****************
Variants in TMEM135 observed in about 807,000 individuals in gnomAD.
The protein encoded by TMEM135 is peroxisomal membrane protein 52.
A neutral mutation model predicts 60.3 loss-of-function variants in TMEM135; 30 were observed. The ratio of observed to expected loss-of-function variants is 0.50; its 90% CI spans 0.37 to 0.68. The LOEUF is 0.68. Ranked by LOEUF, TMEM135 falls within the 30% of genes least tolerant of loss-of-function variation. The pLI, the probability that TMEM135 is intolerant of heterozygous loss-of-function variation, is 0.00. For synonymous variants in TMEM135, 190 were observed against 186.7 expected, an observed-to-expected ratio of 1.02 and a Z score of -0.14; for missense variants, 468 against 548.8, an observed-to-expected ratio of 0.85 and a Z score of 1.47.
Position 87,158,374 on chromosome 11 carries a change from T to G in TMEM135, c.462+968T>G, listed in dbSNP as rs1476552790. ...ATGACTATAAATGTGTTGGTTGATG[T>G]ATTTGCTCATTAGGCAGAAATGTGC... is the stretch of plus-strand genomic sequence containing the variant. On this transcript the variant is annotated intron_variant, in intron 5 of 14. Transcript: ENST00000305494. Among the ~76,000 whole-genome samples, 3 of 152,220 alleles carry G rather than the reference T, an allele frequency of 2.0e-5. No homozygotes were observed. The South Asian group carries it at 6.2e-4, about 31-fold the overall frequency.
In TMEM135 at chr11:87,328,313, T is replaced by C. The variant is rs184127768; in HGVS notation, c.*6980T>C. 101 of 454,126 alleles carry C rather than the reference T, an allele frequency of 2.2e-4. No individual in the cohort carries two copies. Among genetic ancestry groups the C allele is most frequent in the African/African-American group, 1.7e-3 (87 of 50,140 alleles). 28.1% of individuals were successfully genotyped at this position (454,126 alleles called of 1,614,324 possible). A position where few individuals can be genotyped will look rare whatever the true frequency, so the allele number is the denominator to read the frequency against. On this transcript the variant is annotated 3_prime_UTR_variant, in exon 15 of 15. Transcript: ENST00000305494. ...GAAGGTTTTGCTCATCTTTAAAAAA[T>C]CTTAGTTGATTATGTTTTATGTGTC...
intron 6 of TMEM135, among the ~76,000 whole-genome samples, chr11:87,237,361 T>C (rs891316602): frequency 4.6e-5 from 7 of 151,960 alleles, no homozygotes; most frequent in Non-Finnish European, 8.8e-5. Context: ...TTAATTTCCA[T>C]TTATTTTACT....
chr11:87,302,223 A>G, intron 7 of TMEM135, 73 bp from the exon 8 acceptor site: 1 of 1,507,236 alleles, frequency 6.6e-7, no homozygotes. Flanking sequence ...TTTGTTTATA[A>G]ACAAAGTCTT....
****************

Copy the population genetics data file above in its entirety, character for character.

Variants in TMEM135 observed in about 807,000 individuals in gnomAD.
The protein encoded by TMEM135 is peroxisomal membrane protein 52.
A neutral mutation model predicts 60.3 loss-of-function variants in TMEM135; 30 were observed. The ratio of observed to expected loss-of-function variants is 0.50; its 90% CI spans 0.37 to 0.68. The LOEUF is 0.68. Ranked by LOEUF, TMEM135 falls within the 30% of genes least tolerant of loss-of-function variation. The pLI, the probability that TMEM135 is intolerant of heterozygous loss-of-function variation, is 0.00. For synonymous variants in TMEM135, 190 were observed against 186.7 expected, an observed-to-expected ratio of 1.02 and a Z score of -0.14; for missense variants, 468 against 548.8, an observed-to-expected ratio of 0.85 and a Z score of 1.47.
Position 87,158,374 on chromosome 11 carries a change from T to G in TMEM135, c.462+968T>G, listed in dbSNP as rs1476552790. ...ATGACTATAAATGTGTTGGTTGATG[T>G]ATTTGCTCATTAGGCAGAAATGTGC... is the stretch of plus-strand genomic sequence containing the variant. On this transcript the variant is annotated intron_variant, in intron 5 of 14. Transcript: ENST00000305494. Among the ~76,000 whole-genome samples, 3 of 152,220 alleles carry G rather than the reference T, an allele frequency of 2.0e-5. No homozygotes were observed. The South Asian group carries it at 6.2e-4, about 31-fold the overall frequency.
In TMEM135 at chr11:87,328,313, T is replaced by C. The variant is rs184127768; in HGVS notation, c.*6980T>C. 101 of 454,126 alleles carry C rather than the reference T, an allele frequency of 2.2e-4. No individual in the cohort carries two copies. Among genetic ancestry groups the C allele is most frequent in the African/African-American group, 1.7e-3 (87 of 50,140 alleles). 28.1% of individuals were successfully genotyped at this position (454,126 alleles called of 1,614,324 possible). A position where few individuals can be genotyped will look rare whatever the true frequency, so the allele number is the denominator to read the frequency against. On this transcript the variant is annotated 3_prime_UTR_variant, in exon 15 of 15. Transcript: ENST00000305494. ...GAAGGTTTTGCTCATCTTTAAAAAA[T>C]CTTAGTTGATTATGTTTTATGTGTC...
intron 6 of TMEM135, among the ~76,000 whole-genome samples, chr11:87,237,361 T>C (rs891316602): frequency 4.6e-5 from 7 of 151,960 alleles, no homozygotes; most frequent in Non-Finnish European, 8.8e-5. Context: ...TTAATTTCCA[T>C]TTATTTTACT....
chr11:87,302,223 A>G, intron 7 of TMEM135, 73 bp from the exon 8 acceptor site: 1 of 1,507,236 alleles, frequency 6.6e-7, no homozygotes. Flanking sequence ...TTTGTTTATA[A>G]ACAAAGTCTT....